Photographies by Musuk Nolte and Leslie Searles
Guillermo Niño de Guzmán
There is something apparently contradictory in these photographs, a fact that disturbs and seduces at the same time, a trait that gives them a strange and hypnotic power. Because, instead of seeking clarity, their authors have wanted to embark themselves in the realm of shadows, as if they wanted to undertake a journey back to the origins, to that state of affairs in which darkness prevailed and just enough shreds of light crept in to make sense to the world.
This option fits perfectly with the character of his proposal: to observe in their own habitat beings that coexist closely with nature and whose atavistic ties we barely senses from our Western point of view. However, the peculiarities of its record, of its unique way of capturing men, animals and landscapes, transcend what we could call anthropological documentary photography. Certainly, they have managed to penetrate that hidden dimension that usually escapes those who use their cameras for scientific purposes. It is amazing how far they have gone in this field. On a good note, they have endeavoured to blend in with the communities they have portrayed, to the point that they have bordered on the impossible: adopting their gaze, giving us the feeling that, even fleetingly, they have glimpsed those arcane that are the cipher of their existence.
If capturing reality is an ephemeral pretension, these photographs suggest that there is another reality, even more unassailable, one where there are ancestral truths exists that can only be accessed through magical rituals. Hence the mysterious aura of these images where nothing is what it seems, or rather, where everything is possible. Yes, there is something magical in these pieces of shadow slightly wounded by light, in these chameleonic figures that metamorphose before our eyes, thanks to the very subtle vision of Nolte and Searles.
Dealing with the gloom, forcing the readability of the image, carries risks that only photographers with a remarkable mastery of their craft and an exquisite sensitivity are able to face. In this case, the coincidence between aesthetic aspirations and the management of technical resources is admirable. Moreover, these photographs are disturbing because they are not satisfied with contemplation. Rather, they betray the desire to explore unsuspected territories, the need to transfigure reality. The visual compositions stand out for the creation of evanescent atmospheres that transport us to a dreamlike environment, to a place of the soul where a timeless clamour resounds. They stand on that frontier where the human experience succumbs to the splendour of the sacred.
Musuk Nolte and Leslie Searles have managed to glimpse an intimate and secret fire, one that only shines in the deepest darkness. After all, photography is the art of revelation.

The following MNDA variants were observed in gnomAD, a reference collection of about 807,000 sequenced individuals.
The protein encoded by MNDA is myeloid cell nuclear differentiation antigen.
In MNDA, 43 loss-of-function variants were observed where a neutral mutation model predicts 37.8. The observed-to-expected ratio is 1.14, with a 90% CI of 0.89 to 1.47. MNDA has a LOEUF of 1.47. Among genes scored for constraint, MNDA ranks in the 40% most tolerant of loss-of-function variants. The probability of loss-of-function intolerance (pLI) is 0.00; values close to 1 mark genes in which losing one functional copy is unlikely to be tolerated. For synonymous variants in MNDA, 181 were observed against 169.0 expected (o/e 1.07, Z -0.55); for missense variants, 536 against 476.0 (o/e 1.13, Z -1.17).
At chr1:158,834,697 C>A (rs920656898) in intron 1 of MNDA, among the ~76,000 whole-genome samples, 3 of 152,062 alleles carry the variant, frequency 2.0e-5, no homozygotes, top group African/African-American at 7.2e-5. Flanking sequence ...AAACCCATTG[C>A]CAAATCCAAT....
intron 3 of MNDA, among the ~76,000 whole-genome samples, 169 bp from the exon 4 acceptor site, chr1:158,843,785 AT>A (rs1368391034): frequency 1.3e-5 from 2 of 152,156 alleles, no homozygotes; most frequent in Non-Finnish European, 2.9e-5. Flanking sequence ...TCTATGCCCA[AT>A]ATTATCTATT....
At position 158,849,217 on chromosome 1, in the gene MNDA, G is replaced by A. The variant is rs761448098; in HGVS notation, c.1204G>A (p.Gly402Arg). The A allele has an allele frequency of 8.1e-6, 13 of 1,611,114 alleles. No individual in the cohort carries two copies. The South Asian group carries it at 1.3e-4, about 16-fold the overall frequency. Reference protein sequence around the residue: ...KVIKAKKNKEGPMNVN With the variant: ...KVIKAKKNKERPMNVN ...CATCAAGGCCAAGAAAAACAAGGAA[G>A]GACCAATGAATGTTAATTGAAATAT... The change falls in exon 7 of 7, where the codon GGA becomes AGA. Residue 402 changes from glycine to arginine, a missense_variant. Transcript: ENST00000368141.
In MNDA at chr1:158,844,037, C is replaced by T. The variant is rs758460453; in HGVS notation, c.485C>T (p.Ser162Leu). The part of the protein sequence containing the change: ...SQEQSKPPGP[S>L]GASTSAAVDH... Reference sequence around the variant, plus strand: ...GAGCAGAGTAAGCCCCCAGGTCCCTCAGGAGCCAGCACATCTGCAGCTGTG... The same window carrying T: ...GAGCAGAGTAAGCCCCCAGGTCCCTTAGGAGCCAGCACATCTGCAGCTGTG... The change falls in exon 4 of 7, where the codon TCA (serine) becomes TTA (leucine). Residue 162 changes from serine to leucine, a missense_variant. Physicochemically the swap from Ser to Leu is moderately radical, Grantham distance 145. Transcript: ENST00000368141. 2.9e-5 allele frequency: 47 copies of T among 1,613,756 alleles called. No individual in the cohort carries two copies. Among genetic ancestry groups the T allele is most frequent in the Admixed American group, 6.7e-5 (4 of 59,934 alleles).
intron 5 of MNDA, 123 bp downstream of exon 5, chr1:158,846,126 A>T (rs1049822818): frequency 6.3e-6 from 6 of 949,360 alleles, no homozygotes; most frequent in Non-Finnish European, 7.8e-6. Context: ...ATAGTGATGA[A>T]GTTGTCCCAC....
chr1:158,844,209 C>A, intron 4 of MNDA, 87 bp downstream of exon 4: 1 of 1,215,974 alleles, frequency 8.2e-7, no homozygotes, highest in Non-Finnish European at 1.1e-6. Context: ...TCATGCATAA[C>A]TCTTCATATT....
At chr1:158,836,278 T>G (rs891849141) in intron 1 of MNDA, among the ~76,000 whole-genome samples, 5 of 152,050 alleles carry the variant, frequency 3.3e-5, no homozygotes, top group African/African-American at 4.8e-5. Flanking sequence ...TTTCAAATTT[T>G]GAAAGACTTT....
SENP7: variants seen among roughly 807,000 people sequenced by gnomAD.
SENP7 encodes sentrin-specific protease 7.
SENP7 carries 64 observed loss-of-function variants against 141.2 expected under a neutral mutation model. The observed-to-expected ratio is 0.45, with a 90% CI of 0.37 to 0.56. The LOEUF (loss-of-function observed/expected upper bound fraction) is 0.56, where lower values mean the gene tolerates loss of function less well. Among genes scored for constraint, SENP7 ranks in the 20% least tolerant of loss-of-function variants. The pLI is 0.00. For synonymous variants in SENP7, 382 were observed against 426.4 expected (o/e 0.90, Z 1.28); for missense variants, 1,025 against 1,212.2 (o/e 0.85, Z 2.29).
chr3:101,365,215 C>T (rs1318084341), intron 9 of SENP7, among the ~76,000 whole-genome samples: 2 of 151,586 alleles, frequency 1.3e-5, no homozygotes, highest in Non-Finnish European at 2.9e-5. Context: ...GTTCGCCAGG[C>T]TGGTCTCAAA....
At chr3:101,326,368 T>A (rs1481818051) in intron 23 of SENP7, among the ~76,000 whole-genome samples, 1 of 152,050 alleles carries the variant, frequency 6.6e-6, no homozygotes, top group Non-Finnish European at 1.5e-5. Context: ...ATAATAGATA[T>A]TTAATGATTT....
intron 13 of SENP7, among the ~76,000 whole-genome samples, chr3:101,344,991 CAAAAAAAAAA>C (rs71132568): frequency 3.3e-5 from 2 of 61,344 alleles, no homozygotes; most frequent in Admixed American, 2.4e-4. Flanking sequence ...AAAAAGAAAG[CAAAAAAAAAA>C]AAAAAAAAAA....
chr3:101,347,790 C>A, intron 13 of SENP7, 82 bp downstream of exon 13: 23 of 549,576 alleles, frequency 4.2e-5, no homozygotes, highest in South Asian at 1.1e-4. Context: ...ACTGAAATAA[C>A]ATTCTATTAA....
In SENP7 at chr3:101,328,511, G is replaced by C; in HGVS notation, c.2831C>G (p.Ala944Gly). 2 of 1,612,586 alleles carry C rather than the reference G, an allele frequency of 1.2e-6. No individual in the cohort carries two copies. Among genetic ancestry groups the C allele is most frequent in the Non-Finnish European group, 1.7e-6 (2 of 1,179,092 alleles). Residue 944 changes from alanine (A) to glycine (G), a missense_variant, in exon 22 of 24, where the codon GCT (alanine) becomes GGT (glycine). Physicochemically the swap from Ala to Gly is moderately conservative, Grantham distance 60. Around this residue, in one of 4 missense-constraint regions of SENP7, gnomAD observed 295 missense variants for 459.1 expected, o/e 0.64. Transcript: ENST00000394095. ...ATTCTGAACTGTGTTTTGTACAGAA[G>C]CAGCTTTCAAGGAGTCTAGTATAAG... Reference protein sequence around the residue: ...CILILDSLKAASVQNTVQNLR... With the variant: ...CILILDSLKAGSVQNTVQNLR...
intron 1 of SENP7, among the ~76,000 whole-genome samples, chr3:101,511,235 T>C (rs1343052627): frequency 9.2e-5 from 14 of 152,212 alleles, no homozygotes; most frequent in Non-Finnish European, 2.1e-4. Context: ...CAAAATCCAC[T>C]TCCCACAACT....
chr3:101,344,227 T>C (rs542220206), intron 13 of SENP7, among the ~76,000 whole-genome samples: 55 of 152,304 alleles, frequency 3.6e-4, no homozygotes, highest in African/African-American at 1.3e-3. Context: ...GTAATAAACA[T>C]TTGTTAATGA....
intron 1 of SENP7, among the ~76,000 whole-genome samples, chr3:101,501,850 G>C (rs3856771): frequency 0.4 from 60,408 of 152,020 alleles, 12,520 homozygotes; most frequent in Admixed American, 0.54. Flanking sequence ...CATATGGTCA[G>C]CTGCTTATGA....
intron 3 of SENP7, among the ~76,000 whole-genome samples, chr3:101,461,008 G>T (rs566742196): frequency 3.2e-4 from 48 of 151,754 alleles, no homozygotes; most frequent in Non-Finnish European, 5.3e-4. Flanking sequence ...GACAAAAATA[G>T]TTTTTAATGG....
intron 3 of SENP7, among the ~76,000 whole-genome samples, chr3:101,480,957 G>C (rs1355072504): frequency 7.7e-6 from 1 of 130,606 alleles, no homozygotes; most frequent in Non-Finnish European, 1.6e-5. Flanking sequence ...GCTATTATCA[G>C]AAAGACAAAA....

(Mexico City, 1988, naturalized Peruvian)
He studied professional photography and a specialization in contemporary photography at the Centro de la Imagen in Lima (Image Center of Lima). His work evolves between documentary photography, art and publishing, focusing on issues of diversity, native cultures and human rights.
He was a fellow of FONCA Mexico (2010), of the World Press Photo Master Class in Latin America (2015) and the Magnum Foundation (2017). He has received the Tenth National Award for Documentary Photography “Eugene Courret” (2010) and the Elliott Erwitt Havana Club 7 Fellowship (2017).
He has participated in several individual and collective exhibitions at the Museo de Arte (Art Museum) in Lima MALI, SIPF (Singapore International Photography Festival), Les Rencontres d’Arles, III Bienal de Photoquai, Casa de América Madrid, PhotoEspaña XX, XV Bienal de Venecia de Arquitectura (XV Venice Biennial of Architecture), ParisPhoto, FoLa, among others.
He published the books PIRUW (together with Leslie Searles, 2013), Flor de Toé (Versus Photo, 2014), La primera piedra (2014), La velocidad de la deriva (2017) and Sombra de Isla (2019).
He is editor of KWY Ediciones, an independent publishing platform focused on publishing and joint training of projects by mainly Latin American authors. He is currently part of the explorer system of the National Geographic Society and of the academic committee of Master of Documentary Photography of the Image Center.
Leslie Searles has a Media degree with a specialization in film from the Universidad de Lima, and a Photography degree from the London College of Communication. She attended courses at the Gerrit Rietveld Academy in Amsterdam and the International Center of Photography in New York.
She received a scholarship to attend Reflexions Masterclass, a photography seminar led by Giorgia Fiorio and Gabriel Bauret, in 2006. Between 2009 and 2013, she was part of the photography team of the newspaper El Comercio in Lima.
Currently, Leslie is a freelance photographer who collaborates mainly with non-governmental organizations such as Save the Children, UNDP, AVSF, GIZ, among others, and collaborates with different media organizations such as Ojo Público.
The images of this exhibition have been published in the book PIRUW (2014), edited by Mario Testino. She has won the Jury Award in the Poy Latam – Best Book (2015) and Best Multimedia Report (2017) categories, respectively.